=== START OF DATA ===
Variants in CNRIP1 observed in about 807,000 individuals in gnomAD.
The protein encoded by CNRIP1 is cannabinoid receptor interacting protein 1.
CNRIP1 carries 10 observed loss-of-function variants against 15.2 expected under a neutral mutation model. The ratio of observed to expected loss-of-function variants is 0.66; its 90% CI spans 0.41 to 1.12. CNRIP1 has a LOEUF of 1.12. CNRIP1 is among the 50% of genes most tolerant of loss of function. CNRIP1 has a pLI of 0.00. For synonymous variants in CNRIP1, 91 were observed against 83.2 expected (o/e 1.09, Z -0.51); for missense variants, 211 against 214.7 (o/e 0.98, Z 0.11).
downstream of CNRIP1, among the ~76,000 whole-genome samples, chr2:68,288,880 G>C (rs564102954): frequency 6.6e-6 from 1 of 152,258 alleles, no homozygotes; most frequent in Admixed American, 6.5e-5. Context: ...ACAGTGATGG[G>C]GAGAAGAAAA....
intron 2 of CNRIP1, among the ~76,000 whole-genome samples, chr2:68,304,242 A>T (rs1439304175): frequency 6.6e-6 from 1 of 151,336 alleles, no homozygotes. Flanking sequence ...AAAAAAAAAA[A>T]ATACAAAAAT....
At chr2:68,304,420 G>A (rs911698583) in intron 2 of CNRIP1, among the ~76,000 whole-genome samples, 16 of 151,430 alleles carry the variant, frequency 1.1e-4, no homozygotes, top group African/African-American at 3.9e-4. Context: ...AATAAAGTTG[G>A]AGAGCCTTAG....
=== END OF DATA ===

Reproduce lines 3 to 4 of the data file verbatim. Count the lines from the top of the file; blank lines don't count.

CNRIP1 carries 10 observed loss-of-function variants against 15.2 expected under a neutral mutation model. The ratio of observed to expected loss-of-function variants is 0.66; its 90% CI spans 0.41 to 1.12. CNRIP1 has a LOEUF of 1.12. CNRIP1 is among the 50% of genes most tolerant of loss of function. CNRIP1 has a pLI of 0.00. For synonymous variants in CNRIP1, 91 were observed against 83.2 expected (o/e 1.09, Z -0.51); for missense variants, 211 against 214.7 (o/e 0.98, Z 0.11).
downstream of CNRIP1, among the ~76,000 whole-genome samples, chr2:68,288,880 G>C (rs564102954): frequency 6.6e-6 from 1 of 152,258 alleles, no homozygotes; most frequent in Admixed American, 6.5e-5. Context: ...ACAGTGATGG[G>C]GAGAAGAAAA....